Vera has a problem. She has a friend who wants to make her the beneficiary of her will – against her wishes. Can estate planning lawyer Rod Cunich help her?
I’m so hoping you can help me with this problem. I have a neighbour and good friend who is a mental health patient, but still very capable of looking after herself. However, she has one problem that I’m now trying to explain to her and help her to avoid – she’s very vulnerable to ‘financial abuse’. She has one daughter and two granddaughters. However, they are not a part of her life and actively ignore her, even though she writes letters to her daughter practically begging her to call or visit.
She has now decided that it’s time to cut ties with them. Here’s my problem.
My friend wants to redo her will nominating me as her executor and beneficiary. I tell her constantly that my help and friendship do not come with a price tag and that I do not want her to do this. However, in all truth, she has no one else in her life to leave anything to.
Having said all of this, she does not really own anything of value: no home or car, and has only a modest amount of money in the bank.
I am more than happy to organise her funeral and take care of her furniture and things, clean out her unit and so on when her time comes – assuming that I won’t go before her as I’m a year older than her. But I do not want to inherit from her for several reasons, not the least of which is the impact of public perception.
Can you make any suggestions? I have tried to get her to consider charities – there are so many that would be suitable – but to no avail.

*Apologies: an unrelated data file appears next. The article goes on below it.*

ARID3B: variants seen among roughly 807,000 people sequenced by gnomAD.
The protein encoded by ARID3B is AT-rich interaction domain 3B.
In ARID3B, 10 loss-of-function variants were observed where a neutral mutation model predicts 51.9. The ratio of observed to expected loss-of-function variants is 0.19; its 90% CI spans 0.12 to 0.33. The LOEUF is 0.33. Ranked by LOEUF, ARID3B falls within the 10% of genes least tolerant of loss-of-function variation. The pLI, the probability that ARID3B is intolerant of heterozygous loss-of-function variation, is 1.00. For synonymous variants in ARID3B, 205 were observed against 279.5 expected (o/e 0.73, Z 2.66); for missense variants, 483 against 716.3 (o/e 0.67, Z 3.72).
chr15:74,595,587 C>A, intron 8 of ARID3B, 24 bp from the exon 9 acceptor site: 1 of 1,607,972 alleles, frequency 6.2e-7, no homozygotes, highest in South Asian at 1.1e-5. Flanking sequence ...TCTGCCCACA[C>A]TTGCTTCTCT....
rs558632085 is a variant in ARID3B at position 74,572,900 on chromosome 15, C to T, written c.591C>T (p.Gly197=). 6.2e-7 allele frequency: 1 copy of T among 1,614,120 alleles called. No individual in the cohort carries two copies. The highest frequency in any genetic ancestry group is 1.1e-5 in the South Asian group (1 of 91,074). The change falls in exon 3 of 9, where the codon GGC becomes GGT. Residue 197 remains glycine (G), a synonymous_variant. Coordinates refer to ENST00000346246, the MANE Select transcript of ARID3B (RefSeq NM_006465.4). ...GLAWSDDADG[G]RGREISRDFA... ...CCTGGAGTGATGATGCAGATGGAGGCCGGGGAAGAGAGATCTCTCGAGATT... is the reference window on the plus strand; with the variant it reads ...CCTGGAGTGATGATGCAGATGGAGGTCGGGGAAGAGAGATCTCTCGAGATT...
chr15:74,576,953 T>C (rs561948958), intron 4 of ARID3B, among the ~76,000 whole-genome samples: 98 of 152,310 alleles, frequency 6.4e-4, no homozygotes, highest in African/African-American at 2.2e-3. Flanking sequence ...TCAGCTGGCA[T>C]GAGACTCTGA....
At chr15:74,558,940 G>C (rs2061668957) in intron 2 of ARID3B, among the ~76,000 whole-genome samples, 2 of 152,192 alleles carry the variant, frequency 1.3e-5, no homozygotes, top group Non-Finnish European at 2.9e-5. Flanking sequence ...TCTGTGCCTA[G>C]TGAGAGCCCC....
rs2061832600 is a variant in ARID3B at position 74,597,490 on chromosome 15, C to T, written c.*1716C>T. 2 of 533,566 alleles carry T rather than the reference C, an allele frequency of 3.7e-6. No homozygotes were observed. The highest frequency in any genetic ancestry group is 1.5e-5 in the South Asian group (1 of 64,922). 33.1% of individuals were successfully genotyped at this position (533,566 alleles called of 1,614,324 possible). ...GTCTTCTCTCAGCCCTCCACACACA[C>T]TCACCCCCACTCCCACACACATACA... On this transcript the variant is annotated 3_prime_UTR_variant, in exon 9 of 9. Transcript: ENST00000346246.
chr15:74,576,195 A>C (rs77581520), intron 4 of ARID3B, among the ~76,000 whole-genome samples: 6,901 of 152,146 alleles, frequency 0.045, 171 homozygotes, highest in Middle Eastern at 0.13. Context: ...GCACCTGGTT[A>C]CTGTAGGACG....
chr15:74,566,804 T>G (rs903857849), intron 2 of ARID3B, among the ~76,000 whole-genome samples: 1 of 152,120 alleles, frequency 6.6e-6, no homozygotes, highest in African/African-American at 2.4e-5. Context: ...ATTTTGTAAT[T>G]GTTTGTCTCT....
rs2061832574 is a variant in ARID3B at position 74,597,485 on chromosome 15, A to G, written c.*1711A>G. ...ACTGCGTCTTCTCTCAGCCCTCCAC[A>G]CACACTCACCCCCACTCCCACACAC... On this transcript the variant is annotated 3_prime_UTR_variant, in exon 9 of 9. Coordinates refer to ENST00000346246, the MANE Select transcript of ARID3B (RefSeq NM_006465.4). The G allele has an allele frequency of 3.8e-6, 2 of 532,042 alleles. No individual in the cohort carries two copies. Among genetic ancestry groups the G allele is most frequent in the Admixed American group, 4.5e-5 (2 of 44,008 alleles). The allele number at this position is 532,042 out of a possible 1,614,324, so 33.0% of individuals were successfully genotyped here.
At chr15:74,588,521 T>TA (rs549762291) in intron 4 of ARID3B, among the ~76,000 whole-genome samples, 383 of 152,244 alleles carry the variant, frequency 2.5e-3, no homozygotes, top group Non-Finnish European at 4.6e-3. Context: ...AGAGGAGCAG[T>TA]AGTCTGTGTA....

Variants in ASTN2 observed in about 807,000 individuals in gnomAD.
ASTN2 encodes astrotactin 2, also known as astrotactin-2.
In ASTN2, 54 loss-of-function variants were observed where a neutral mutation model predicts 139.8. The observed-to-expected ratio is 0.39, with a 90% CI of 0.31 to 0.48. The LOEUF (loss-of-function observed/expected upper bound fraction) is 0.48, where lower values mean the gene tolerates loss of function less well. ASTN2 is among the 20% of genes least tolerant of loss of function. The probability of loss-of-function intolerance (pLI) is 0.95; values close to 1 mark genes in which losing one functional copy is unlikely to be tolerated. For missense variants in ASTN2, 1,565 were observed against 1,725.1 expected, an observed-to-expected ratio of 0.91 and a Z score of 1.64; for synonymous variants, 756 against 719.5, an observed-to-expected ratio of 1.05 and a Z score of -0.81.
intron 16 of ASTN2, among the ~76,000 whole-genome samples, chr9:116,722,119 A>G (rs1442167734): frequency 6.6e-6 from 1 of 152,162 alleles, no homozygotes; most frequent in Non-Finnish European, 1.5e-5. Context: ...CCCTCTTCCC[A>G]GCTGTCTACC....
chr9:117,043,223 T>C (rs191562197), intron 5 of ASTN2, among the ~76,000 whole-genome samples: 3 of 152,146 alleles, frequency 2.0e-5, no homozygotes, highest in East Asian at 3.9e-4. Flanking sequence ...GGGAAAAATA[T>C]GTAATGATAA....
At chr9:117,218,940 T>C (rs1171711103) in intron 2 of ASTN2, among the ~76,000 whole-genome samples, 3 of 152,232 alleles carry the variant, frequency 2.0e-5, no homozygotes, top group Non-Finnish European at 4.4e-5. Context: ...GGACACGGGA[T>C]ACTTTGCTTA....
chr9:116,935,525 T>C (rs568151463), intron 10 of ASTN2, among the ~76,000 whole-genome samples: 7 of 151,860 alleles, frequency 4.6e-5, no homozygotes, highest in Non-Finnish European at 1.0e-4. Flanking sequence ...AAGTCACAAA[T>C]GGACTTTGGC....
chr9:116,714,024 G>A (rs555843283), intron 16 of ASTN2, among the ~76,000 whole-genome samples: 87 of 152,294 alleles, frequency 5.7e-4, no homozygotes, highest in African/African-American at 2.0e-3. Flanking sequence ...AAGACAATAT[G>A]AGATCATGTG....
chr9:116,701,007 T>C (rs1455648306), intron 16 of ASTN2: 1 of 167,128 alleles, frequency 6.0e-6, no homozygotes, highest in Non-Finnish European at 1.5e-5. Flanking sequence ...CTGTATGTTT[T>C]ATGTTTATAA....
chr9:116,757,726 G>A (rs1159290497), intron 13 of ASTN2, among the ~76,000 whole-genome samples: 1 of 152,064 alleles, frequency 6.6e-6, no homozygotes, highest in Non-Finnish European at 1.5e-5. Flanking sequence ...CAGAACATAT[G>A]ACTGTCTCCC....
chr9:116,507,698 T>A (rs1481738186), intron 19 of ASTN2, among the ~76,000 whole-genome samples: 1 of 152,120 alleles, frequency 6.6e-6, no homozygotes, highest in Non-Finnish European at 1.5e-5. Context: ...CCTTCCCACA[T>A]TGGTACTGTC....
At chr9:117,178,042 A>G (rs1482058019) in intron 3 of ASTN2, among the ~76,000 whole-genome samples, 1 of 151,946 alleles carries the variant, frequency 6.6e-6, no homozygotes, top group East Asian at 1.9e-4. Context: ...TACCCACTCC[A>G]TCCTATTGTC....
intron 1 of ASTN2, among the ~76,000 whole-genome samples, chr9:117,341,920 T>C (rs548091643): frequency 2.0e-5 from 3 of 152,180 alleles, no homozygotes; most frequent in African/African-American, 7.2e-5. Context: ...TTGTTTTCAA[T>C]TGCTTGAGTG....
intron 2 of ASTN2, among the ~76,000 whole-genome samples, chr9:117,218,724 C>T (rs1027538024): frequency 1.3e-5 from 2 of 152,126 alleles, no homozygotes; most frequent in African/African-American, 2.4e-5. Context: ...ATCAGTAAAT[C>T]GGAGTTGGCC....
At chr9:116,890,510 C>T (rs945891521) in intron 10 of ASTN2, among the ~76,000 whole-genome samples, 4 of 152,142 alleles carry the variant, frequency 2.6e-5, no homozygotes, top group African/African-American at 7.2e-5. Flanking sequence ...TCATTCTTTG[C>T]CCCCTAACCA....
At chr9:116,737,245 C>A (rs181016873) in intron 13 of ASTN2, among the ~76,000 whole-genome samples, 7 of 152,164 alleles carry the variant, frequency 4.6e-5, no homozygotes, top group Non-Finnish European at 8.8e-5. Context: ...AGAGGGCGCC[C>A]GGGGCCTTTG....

A.Your approach to this problem is admirable. I suggest that you accept the role as executor so that you can ensure her affairs (as small as they may be) are looked after correctly. It is important that she see an independent solicitor (not one you have an association with) and that you are not present when she gives instructions. Suggest to her that she leave her assets to her favourite local charity.
If she insists on you receiving something, perhaps she can specify in her will that you be paid a fee for acting in the role of executor (which can be demanding, time consuming and stressful) rather than receiving a gift as a beneficiary. In this way, she can benefit you while minimising any adverse public/family perception. If she dies without a will, then her estate goes to her daughter.
*Not her real name
This answer is general information only, not specific legal advice. You should not rely on it without specific advice from an expert who can review all the relevant documents and circumstances.
Rod Cunich is a lawyer with more than 30 years’ experience who specialises in estate planning. If you have a question for Rod, simply email it to: email@example.com
Disclaimer: This information has been provided by Rod Cunich and should be considered general in nature – legal advice should be sought.
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